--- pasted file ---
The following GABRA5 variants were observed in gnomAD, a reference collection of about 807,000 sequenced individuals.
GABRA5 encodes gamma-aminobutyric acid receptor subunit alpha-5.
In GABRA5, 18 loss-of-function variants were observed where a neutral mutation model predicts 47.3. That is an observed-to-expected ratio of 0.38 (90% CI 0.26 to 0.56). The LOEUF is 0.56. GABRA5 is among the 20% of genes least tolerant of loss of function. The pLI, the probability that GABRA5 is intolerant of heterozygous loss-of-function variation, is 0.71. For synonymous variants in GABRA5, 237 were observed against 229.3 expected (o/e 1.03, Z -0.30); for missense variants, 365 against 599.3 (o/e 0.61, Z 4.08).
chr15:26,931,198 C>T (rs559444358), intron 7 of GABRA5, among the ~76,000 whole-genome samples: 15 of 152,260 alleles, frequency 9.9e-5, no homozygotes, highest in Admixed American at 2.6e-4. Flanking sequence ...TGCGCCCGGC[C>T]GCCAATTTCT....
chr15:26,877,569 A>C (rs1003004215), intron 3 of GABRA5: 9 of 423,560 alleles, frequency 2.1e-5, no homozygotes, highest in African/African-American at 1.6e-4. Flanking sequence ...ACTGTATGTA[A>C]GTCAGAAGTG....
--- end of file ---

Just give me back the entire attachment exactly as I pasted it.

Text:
The following GABRA5 variants were observed in gnomAD, a reference collection of about 807,000 sequenced individuals.
GABRA5 encodes gamma-aminobutyric acid receptor subunit alpha-5.
In GABRA5, 18 loss-of-function variants were observed where a neutral mutation model predicts 47.3. That is an observed-to-expected ratio of 0.38 (90% CI 0.26 to 0.56). The LOEUF is 0.56. GABRA5 is among the 20% of genes least tolerant of loss of function. The pLI, the probability that GABRA5 is intolerant of heterozygous loss-of-function variation, is 0.71. For synonymous variants in GABRA5, 237 were observed against 229.3 expected (o/e 1.03, Z -0.30); for missense variants, 365 against 599.3 (o/e 0.61, Z 4.08).
chr15:26,931,198 C>T (rs559444358), intron 7 of GABRA5, among the ~76,000 whole-genome samples: 15 of 152,260 alleles, frequency 9.9e-5, no homozygotes, highest in Admixed American at 2.6e-4. Flanking sequence ...TGCGCCCGGC[C>T]GCCAATTTCT....
chr15:26,877,569 A>C (rs1003004215), intron 3 of GABRA5: 9 of 423,560 alleles, frequency 2.1e-5, no homozygotes, highest in African/African-American at 1.6e-4. Flanking sequence ...ACTGTATGTA[A>C]GTCAGAAGTG....